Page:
In the preferred embodiment of the invention, eight probes are arranged in two rows of four each. The probes are fixed on the ends of linear racks, each of which is independently driven by means of a rack and pinion gear on the output shaft of the respective drive mechanism (stepper motor). Three of the four probes are preferably connected to external syringe pumps via tubing that passes through a hole bored in the Z-axis racks and exits from the side of the transport. Similarly, the other probes in each row are preferably connected to one channel each of a peristaltic pump. The syringe pumps draw small to moderate quantities of fluid (1-5000 μl) into the disposable pipette tips. The peristaltic pump draws larger quantities of fluid (up to 5 liters/hour) continuously through the two non-disposable probe tips and connecting tubing. The syringe pumps are preferably external units consisting of two syringes each and having preferably five different sizes (10 μl, 100 μl, 1 ml, 5 ml and 10 ml). The syringe pumps are preferably of the standard glass barrel syringe type with a teflon piston. The peristaltic pump is also arranged as an external unit. It is of the two channel, 15 roller design type, with rigidly adjusted shoes and is directly driven by a stepper motor. The syringe pumps are preferably also stepper motor driven via a fine pitched helix screw. Different combinations of pumps of different manufacture may be used, since all eight probes are identical in construction. Interchangeable tip holders of improved double o-ring design are screwed into the bottom of the Z-axis racks and can precisely pickup or discharge disposable pipette tips via downward or upward motion of the linear racks. This ejection method of disposable pipette tips will be described in further detail.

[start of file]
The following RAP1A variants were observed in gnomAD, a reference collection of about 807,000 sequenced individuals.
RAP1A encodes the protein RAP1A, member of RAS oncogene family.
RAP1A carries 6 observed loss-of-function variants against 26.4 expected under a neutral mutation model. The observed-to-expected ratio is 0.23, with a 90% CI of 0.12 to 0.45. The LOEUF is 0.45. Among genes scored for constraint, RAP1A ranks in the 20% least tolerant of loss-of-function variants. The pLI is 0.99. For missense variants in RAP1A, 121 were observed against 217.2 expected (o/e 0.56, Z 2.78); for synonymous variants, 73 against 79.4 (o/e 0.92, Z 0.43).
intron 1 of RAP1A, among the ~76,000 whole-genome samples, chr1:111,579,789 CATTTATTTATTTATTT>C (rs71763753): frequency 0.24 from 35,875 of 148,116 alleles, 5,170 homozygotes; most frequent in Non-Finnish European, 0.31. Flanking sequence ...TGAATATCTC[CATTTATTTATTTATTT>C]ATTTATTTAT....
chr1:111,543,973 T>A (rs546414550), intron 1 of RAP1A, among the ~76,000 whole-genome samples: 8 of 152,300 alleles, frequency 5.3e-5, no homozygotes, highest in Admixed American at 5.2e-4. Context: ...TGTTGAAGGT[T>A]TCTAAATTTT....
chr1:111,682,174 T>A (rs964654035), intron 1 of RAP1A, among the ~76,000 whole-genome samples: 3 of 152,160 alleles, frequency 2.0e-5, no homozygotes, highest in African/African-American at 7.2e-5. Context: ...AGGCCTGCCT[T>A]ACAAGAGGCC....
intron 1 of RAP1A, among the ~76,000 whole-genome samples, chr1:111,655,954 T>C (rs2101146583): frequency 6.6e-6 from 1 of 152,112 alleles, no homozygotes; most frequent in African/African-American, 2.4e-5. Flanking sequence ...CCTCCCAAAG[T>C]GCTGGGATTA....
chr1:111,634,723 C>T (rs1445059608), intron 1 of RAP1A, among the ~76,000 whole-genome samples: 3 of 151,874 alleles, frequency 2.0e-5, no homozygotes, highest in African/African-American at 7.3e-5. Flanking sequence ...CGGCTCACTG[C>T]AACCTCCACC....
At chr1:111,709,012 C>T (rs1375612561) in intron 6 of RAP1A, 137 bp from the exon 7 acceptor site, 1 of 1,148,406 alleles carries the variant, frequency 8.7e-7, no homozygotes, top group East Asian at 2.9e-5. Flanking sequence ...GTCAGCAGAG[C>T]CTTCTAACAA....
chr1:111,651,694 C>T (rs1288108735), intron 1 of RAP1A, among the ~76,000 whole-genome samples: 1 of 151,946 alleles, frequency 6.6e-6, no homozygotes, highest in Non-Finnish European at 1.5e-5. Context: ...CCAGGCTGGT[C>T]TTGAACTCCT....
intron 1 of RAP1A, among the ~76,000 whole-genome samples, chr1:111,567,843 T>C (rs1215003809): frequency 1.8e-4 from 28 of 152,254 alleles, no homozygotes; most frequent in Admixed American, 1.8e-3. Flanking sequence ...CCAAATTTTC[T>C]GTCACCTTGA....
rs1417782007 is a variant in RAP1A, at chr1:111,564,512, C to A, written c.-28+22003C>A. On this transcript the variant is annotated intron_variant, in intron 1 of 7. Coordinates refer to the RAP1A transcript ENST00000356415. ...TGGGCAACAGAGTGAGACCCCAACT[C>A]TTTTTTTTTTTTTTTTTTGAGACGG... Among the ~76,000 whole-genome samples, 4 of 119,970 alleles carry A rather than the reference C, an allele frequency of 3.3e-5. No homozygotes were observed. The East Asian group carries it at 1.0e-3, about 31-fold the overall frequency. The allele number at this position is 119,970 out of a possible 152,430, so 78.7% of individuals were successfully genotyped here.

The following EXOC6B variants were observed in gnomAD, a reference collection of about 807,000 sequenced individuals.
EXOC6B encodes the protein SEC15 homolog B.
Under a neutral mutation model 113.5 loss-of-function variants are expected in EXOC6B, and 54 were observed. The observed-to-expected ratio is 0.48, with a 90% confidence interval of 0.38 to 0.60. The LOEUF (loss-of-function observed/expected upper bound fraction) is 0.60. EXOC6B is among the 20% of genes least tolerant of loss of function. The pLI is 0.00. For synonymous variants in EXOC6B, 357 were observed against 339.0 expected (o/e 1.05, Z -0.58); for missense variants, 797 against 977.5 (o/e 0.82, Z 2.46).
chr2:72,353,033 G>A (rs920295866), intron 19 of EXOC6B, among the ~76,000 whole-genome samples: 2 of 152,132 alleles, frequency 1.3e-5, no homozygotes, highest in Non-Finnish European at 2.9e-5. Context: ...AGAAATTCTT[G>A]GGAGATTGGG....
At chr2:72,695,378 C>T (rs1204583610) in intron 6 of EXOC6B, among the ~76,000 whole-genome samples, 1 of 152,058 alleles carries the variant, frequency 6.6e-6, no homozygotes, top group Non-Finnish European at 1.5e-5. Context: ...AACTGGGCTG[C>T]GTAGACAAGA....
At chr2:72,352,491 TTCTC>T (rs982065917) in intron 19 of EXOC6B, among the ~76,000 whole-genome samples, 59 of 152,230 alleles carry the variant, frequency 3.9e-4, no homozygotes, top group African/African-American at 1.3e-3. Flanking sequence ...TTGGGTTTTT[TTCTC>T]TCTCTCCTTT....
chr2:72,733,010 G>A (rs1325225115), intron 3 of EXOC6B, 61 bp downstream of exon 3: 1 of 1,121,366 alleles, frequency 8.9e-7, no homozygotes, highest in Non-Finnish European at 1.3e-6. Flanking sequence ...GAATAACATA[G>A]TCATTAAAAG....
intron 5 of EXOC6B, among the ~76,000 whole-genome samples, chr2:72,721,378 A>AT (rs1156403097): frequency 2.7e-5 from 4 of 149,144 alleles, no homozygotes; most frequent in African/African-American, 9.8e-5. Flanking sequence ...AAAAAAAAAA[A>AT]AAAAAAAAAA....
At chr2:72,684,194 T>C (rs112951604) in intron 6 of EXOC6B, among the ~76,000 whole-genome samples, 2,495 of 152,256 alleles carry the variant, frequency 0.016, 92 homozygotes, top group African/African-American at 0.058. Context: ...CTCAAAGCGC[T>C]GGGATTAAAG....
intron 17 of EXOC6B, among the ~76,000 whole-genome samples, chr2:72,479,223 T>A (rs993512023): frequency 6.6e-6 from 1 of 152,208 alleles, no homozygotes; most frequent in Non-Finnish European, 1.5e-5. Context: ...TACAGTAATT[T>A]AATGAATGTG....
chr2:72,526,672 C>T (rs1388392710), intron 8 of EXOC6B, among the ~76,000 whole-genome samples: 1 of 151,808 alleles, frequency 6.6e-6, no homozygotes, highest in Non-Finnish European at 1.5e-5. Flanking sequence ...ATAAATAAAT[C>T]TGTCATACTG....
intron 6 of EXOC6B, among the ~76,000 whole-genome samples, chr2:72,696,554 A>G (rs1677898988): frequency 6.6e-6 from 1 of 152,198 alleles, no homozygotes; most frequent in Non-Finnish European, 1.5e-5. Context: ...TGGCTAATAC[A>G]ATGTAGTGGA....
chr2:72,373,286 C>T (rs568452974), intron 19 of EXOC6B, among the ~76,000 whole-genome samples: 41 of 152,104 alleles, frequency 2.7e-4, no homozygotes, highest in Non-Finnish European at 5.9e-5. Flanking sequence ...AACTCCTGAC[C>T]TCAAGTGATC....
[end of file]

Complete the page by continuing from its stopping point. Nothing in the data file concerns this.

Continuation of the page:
Any numerical combination of peristaltic and syringe pumps, or pumps of different manufacture, may be used. The probes have interchangeable tip holders which can pickup or discharge different size disposable pipette tips.
The helical screw shafts of the X-Y positioning frame are driven by stepper motors, and micro switches are provided to mark the home position of the carriage. When new tip holders are initially installed, the computer does an automatic Z-axis calibration on request. It does this by picking up new disposable tips of each respective size and then moving each probe to the maximum downward position in one tube of each different type of test tube rack or microwell. The computer marks in memory how many steps it took to move each respective probe from the bottom of each type of rack, as well as each type of disposable tip rack, to the point where it first interrupts a photocell limit switch. Thereafter, upon picking up a new disposable tip, the computer checks the number of steps needed to pick up a new tip against the respective calibration number. If they are not within a prescribed limit indicating that the tip box was empty, or the tip failed to seat all the way on the tip holder, an appropriate warning message is issued by the computer, and execution is paused until corrected manually. The calibration factors representing the distance between the test tube or microwell rack bottoms are used so that the probes can be accurately stepped to the proper depth for the amount of liquid present. Each time a probe finishes a pipetting action, it moves to a point 10 steps past the limit switch detection point. As the computer causes the probe to move downward, it starts counting only as the point of detection is passed.